- The lower house of the Russian parliament has approved a draft law that toughens the punishments for soldiers.
- The law increases the prison sentence for soldiers who leave their posts and adds a reference to “mobilization”.
- The law was approved just a day before President Putin announced a “partial mobilization.”
The lower house of the Russian parliament adopted a law increasing the prison sentence for soldiers who leave their posts or surrender without authorization.
On Tuesday, the State Duma adopted a law increasing the prison sentence for soldiers who desert their unit from five years to up to 10 years. The law needs the approval of Russia’s upper house known as the Federation Council and the signature of President Vladimir Putin – often seen as a formality.
The law was passed just a day before Putin announced plans to “partially mobilize” the country’s military reserve forces, recruiting around 300,000 reservists, according to The Washington Post.
Part of the bill includes amended wording that soldiers will be punished if they leave their unit “during a period of mobilization or state of emergency, as well as during war or while armed conflicts and combat operations are in progress.” according to the translation of Radio Free Europe/Radio Freedom.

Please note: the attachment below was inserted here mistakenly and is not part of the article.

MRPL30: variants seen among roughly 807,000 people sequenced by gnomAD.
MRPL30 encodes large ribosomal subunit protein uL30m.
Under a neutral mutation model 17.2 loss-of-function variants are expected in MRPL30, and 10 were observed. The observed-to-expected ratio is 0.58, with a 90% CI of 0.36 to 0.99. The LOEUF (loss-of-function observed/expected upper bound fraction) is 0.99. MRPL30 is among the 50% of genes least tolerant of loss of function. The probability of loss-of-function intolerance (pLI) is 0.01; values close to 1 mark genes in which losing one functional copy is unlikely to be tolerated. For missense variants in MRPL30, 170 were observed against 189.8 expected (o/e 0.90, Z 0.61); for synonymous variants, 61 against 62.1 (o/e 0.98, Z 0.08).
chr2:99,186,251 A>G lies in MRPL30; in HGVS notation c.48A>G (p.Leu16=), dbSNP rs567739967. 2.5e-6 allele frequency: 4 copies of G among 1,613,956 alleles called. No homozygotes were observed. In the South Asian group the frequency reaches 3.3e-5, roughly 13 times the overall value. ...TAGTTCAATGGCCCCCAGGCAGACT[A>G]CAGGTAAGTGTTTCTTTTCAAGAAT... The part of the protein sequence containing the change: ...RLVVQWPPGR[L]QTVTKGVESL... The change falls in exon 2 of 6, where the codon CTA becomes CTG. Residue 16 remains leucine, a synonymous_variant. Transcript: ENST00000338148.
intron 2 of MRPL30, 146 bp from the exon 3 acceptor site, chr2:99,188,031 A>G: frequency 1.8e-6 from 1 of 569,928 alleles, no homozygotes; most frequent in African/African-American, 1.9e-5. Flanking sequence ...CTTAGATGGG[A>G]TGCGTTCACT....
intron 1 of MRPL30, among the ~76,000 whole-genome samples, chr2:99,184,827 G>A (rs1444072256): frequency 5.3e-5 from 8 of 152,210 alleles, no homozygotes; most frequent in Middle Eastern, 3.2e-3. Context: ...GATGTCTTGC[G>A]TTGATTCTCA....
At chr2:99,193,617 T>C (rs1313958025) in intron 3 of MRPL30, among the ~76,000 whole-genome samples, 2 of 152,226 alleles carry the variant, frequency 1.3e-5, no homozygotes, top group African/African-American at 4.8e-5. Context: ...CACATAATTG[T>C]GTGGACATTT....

A previous version of the law only mentioned time “during armed conflicts or military actions,” Radio Free Europe reported.
Other amendments provide for a prison sentence of up to 10 years if soldiers refuse to go into battle, disobey the commander’s order or surrender to the enemy without authorization.
The bill and the partial mobilization are another sign that Moscow is escalating its war in Ukraine, even as some soldiers express exhaustion from the seven-month invasion.
Just days before Ukrainian forces recaptured the town of Izium, a group of Russian soldiers began writing letters expressing “moral exhaustion” and demanding their commanders leave their posts.
“I refuse to perform my duty in a special operation on the territory of Ukraine due to lack of rest days and moral exhaustion,” one soldier wrote.